, Volume 103, Issue 1–3, pp 1–14 | Cite as

Isotopic composition of nitrogen in suspended particulate matter of Lake Superior: implications for nutrient cycling and organic matter transformation

  • Sanjeev KumarEmail author
  • Jacques C. Finlay
  • Robert W. Sterner


Lake Superior, one of the largest lakes in the world, is an ecosystem where nitrate (NO3 ) concentration has risen almost fivefold in the last century. Recent studies suggest that this increase may be due to lack of a significant nitrogen (N) sink, such as sedimentary denitrification or burial, because of low organic matter supply to the lake bottom. In light of these new findings, it is imperative to examine the origin and transformation of suspended particulate organic matter (POM) in the lake as N biogeochemistry is inextricably linked to POM dynamics. We present an analysis of spatial and temporal variations in δ15Ν of POM (δ15ΝPOM) in the lake and draining rivers based on extensive sampling and a synthesis of recent studies of N cycling. The δ15ΝPOM in the lake ranged from −4.7 to 7.6‰ and showed a significant (p < 0.001) temporal variability in the surface waters with relatively enriched δ15Ν during winter (mean ± SD ~ 1.5 ± 2.3‰; n = 13) compared to summer (mean ± SD ~ −2.0 ± 1.4‰; n = 20). Temporal variability in δ15ΝPOM and data for δ15Ν of dissolved inorganic nitrogen (DIN) together suggest a seasonal shift in nutrient sources for plankton along with possible detrital and higher trophic level contributions to POM during winter. On an annual basis, ammonium (NH4 +) appears to be the dominant N source to plankton in the lake. NO3 use was lower but seasonally variable with higher contributions to plankton in summer than winter. During a period of high riverine discharge, no significant difference in coastal and open-lake δ15ΝPOM was found, indicating limited effect of riverine POM on the lake. Significant increase in δ15ΝPOM and decreases in particulate N concentration with depth indicate transformations of organic matter settling to the lake bottom that are consistent with the hypothesized influence of low organic matter supply to the lake bottom leading to limited benthic denitrification.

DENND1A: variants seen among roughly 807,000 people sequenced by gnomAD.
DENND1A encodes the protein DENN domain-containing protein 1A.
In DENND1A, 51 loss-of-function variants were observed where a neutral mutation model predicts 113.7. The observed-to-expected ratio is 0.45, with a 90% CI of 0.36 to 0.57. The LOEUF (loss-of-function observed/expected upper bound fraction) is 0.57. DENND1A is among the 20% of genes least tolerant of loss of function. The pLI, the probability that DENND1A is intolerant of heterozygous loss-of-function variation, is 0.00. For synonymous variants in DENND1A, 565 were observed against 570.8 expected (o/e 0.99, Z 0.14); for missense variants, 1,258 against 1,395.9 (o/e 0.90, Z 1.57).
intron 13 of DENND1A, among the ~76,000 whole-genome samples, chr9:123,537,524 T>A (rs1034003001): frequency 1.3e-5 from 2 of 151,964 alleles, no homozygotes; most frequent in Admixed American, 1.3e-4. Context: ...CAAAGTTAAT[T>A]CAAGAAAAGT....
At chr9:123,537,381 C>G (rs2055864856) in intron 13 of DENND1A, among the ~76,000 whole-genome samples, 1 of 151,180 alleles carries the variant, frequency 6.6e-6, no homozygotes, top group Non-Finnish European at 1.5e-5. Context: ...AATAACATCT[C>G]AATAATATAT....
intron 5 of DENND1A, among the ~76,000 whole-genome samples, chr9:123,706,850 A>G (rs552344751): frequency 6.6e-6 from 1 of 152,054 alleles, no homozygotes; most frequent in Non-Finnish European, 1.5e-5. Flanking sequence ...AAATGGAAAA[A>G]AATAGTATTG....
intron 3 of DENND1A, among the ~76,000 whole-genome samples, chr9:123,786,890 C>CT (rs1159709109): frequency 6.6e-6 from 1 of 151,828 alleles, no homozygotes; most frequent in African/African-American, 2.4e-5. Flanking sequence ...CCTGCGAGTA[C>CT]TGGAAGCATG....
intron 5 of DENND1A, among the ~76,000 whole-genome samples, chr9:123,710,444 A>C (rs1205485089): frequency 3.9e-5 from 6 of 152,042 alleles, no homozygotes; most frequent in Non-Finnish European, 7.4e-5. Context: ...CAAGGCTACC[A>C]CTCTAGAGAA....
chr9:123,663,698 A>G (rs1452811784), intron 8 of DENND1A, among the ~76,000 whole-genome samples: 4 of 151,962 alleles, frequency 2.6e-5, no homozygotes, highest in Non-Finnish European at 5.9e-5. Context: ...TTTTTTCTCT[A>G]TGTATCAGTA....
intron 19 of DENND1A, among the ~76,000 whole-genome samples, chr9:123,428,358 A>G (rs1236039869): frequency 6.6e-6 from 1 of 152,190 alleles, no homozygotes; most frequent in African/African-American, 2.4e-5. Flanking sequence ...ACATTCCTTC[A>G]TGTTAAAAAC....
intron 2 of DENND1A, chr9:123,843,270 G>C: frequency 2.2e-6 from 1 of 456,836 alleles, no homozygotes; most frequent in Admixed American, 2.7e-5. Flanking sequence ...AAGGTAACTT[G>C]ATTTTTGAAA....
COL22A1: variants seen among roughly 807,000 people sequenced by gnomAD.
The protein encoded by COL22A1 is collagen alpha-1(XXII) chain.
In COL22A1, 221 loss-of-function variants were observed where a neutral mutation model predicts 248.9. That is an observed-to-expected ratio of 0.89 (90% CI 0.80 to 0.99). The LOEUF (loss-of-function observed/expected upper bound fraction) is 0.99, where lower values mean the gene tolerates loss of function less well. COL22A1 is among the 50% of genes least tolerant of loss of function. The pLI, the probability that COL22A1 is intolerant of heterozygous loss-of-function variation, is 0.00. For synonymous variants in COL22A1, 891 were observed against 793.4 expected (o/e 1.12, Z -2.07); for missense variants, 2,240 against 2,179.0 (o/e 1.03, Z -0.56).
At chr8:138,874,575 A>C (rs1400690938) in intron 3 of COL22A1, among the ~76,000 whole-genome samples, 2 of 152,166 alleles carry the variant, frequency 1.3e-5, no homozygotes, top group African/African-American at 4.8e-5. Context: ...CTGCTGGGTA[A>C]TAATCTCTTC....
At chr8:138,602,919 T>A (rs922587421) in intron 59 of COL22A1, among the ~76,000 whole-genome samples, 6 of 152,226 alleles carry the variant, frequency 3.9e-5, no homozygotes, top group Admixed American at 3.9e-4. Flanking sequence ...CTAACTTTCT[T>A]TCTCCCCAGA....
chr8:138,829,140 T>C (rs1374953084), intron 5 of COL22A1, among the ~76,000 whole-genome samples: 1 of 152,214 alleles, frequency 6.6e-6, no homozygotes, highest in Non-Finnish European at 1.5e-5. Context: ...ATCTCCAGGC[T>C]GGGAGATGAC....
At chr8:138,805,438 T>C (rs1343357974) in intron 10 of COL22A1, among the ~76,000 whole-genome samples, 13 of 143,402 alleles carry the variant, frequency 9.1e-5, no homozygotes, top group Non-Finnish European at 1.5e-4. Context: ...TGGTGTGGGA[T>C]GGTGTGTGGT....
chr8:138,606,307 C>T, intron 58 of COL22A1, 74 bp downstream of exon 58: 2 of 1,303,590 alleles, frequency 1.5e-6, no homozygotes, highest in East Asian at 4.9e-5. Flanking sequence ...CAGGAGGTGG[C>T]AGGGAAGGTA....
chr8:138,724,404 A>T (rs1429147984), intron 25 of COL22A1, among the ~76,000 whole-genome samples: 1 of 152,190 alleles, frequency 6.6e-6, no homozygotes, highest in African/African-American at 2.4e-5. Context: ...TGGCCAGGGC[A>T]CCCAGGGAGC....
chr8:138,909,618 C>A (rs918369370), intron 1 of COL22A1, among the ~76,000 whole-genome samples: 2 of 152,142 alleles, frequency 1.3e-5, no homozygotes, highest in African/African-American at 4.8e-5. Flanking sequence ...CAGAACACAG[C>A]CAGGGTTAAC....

Lake Superior Nutrient Nitrogen Carbon Isotope 



We thank captain and crew of R/V Blue Heron for their excellent support. We also thank Sandy Brovold and Mike Mellesmoen for help during sample collection. Constructive suggestions about sampling were provided by R. Sherrell, G. Bullerjahn and R.M.L. McKay. This research was funded by a NSF-Chemical Oceanography grant (0352291). This material was also based on work supported by the National Science Foundation, while RWS was working at the Foundation.


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Copyright information

© Springer Science+Business Media B.V. 2010

Authors and Affiliations

  • Sanjeev Kumar
    • 1
    • 2
    Email author
  • Jacques C. Finlay
    • 1
  • Robert W. Sterner
    • 1
  1. 1.Department of Ecology, Evolution, and BehaviorUniversity of MinnesotaSt. PaulUSA
  2. 2.Department of GeographyUniversity of VictoriaVictoriaCanada

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